Niall Treanor, B&T Drystock Adviser, Teagasc Galway/Clare, has urged farmers to consider reseeding fields that have not performed as best that they could have.
He said mixed ground conditions are sure to have left some fields “a little worse for wear where cattle have been let out”.
“Reseeding is a considerable investment at €200-300/acre, so it’s worth making sure that it is done right,” he commented.
He advises farmers to assess pastures before taking a particular course of action. He acknowledged that deciding on when to reseed an old sward or pasture can be difficult.
“In some cases where the grass proportion of the sward still contains a high proportion of ‘desirable’ ryegrass, then the sward may be improved by a change of management.”
“As a pasture ages, the composition of it changes, and this change may be slowed down or accelerated according to management.”
According to Treanor, reseeding has several benefits, whether it is for the dairy farmer or the beef farmer.
- Help to increase the amount of grass that is grown;
- Also, help to lengthen the growing season;
- Generate higher levels of energy and protein.
“These benefits can lead to more days at grass, more milk and better growth rates in cattle, which will help to put more money in your pocket.”
What fields should I reseed?
The Teagasc advisor provided the following advice:
When deciding on reseeding, carry out a field inspection ideally in March or April; walk through the field/paddock and access the sward in at least ten different areas.
Check for a percentage of open ground, ryegrass, and other grasses/weeds.
Furthermore, access both the grazing and silage cutting areas, as action to be taken can be very different. A good pasture should have little or no open spaces; however, a small amount of space of less than 5% can be tolerated for tetraploids.
For intensive grassland farming, pastures should contain greater than 60% ryegrass.
Ryegrass is less persistent under silage harvesting when cut below 5 cm, harvest date or if the fertility status of the soil (N, P, K, Ph.) is low.
“Many unsown grass species are abundant in awards, especially in long-term pastures. All of these unsown species are much less productive and are much poorer in terms of digestibility than perennial ryegrass e.g. creeping bentgrass.”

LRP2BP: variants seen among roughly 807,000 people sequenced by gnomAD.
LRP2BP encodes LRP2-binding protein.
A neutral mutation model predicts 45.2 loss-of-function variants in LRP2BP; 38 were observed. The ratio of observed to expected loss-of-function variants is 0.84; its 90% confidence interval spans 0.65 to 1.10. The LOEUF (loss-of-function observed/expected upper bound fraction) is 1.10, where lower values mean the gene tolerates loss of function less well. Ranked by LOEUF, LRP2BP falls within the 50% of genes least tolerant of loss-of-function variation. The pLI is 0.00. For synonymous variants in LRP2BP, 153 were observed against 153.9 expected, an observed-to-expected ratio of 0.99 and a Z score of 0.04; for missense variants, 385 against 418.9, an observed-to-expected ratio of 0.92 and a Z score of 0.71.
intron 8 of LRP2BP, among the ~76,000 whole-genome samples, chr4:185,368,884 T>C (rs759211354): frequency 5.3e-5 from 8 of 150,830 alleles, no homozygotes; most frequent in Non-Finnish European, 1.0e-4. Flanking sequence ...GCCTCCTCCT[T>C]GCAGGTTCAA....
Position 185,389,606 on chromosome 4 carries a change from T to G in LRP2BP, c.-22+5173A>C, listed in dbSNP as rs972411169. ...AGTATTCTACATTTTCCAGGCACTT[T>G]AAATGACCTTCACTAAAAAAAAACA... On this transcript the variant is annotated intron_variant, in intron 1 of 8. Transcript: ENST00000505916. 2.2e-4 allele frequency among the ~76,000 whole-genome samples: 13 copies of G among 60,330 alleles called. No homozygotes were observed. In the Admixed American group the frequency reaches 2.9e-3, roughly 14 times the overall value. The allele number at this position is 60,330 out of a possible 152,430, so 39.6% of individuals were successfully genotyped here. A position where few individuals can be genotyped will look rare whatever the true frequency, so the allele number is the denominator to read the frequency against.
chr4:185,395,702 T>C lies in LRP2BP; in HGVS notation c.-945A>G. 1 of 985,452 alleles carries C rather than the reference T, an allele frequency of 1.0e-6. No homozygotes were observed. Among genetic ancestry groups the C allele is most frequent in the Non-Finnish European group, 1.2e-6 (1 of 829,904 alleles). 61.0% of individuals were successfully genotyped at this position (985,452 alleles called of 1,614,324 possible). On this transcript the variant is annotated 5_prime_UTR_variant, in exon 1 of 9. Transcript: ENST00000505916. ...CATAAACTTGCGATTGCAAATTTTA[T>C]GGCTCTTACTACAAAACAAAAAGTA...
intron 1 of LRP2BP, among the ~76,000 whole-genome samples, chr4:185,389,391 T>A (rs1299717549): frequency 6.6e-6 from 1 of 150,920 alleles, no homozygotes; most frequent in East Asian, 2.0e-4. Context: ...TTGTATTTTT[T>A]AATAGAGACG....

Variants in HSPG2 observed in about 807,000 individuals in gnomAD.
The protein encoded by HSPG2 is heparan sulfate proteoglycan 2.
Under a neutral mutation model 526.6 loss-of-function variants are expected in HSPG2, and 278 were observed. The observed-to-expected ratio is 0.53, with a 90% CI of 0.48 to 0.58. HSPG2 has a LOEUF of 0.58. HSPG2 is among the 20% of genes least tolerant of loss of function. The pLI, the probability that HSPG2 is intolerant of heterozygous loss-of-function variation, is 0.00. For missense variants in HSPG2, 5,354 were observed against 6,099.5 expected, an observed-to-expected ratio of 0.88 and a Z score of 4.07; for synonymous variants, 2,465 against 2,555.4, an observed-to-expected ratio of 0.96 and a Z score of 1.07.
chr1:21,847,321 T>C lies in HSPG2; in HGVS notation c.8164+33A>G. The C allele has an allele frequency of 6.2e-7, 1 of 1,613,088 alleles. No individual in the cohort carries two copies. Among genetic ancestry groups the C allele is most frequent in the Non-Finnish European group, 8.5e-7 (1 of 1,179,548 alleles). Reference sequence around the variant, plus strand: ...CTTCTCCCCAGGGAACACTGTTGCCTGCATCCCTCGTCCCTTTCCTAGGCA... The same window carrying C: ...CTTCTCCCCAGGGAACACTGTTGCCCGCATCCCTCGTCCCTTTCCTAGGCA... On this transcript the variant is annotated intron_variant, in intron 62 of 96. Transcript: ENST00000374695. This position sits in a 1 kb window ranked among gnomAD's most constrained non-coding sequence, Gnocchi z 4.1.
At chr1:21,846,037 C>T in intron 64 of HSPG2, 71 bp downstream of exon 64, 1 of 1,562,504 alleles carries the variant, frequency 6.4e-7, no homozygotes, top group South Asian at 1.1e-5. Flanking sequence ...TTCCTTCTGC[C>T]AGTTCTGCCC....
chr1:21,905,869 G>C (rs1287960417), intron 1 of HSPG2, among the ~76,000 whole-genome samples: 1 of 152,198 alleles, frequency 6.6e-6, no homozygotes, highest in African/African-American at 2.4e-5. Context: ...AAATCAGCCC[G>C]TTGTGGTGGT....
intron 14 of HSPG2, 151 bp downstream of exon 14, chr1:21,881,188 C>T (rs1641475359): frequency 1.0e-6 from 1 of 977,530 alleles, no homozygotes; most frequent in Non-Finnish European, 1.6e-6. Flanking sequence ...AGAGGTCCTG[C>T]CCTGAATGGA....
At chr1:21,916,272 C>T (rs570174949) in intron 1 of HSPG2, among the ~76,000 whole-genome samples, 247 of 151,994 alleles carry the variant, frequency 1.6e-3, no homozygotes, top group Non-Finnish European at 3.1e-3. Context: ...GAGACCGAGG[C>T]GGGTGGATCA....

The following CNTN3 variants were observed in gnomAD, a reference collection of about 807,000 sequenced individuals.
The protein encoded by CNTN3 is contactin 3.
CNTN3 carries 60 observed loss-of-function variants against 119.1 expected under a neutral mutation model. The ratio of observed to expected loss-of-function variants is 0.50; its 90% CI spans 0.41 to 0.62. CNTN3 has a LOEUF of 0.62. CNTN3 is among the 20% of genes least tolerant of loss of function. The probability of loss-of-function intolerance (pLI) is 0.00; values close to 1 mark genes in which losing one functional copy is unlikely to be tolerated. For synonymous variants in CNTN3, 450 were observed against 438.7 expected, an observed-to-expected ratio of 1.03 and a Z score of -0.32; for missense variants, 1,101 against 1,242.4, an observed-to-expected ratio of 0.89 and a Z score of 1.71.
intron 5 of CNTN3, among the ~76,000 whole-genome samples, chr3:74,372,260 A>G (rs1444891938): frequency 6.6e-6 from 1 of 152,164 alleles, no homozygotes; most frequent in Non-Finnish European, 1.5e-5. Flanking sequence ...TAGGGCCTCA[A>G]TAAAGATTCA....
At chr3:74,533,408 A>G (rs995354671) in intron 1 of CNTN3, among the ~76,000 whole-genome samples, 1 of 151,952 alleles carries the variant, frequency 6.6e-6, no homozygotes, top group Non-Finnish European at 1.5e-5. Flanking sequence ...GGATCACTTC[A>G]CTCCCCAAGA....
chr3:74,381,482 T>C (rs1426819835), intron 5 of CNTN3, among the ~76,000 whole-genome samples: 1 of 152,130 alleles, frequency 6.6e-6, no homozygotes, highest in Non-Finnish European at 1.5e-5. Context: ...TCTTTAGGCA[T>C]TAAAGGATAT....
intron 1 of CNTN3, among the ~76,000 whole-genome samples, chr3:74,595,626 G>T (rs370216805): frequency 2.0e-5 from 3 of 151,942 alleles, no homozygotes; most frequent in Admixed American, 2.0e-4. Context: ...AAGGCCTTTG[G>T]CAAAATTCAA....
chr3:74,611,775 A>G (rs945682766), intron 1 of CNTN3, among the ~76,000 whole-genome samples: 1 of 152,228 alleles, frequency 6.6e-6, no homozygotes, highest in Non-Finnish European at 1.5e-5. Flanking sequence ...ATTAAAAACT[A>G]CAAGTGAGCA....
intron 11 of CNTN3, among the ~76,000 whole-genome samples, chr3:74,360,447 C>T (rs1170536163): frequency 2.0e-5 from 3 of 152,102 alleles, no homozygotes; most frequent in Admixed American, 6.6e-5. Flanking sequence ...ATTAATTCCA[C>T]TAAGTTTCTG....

“The main characteristics by which any grass can be judged are productivity – both yield and growth habit, palatability, persistence and time of growth.
“If there is an increased amount of creeping bent and Yorkshire fog present, silage yields could be reduced by as much as 25% as both have a higher proportion of stem than perennial ryegrass and low soluble sugar levels.”
“If weed grasses make up more than 30% of the sward, the yield and quality will certainly suffer. Any silage sward with less than 50% ryegrass in spring may need to be considered to be reseeded.
Farmers carry out less than half of total reseeding in spring. Stocking rates are generally high in spring, ground is closed for silage, reducing the area for grazing and a couple of recent dry May/ June over the last couple of years need to be taken into account before taking ground out for reseeding.
The stocking rate is lower in autumn than spring since little or no land is being cut for silage. “All going well, spring reseeding gives the opportunity to get a couple of grazings in during the summer months when ground conditions are more favourable than the autumn.”
“If clover is being incorporated, then reseeding should be completed before the third week of August at the very latest. Clover needs to be sown early as it takes about 8 – 10 weeks to establish properly.”
Once you have identified why and when you are reseeding a particular paddock/field, establish soil fertility, select your reseeding method, and prepare the ground. Ensure good post-sowing management such as knowing when to graze, spread Nitrogen, cut silage and control weeds and pests.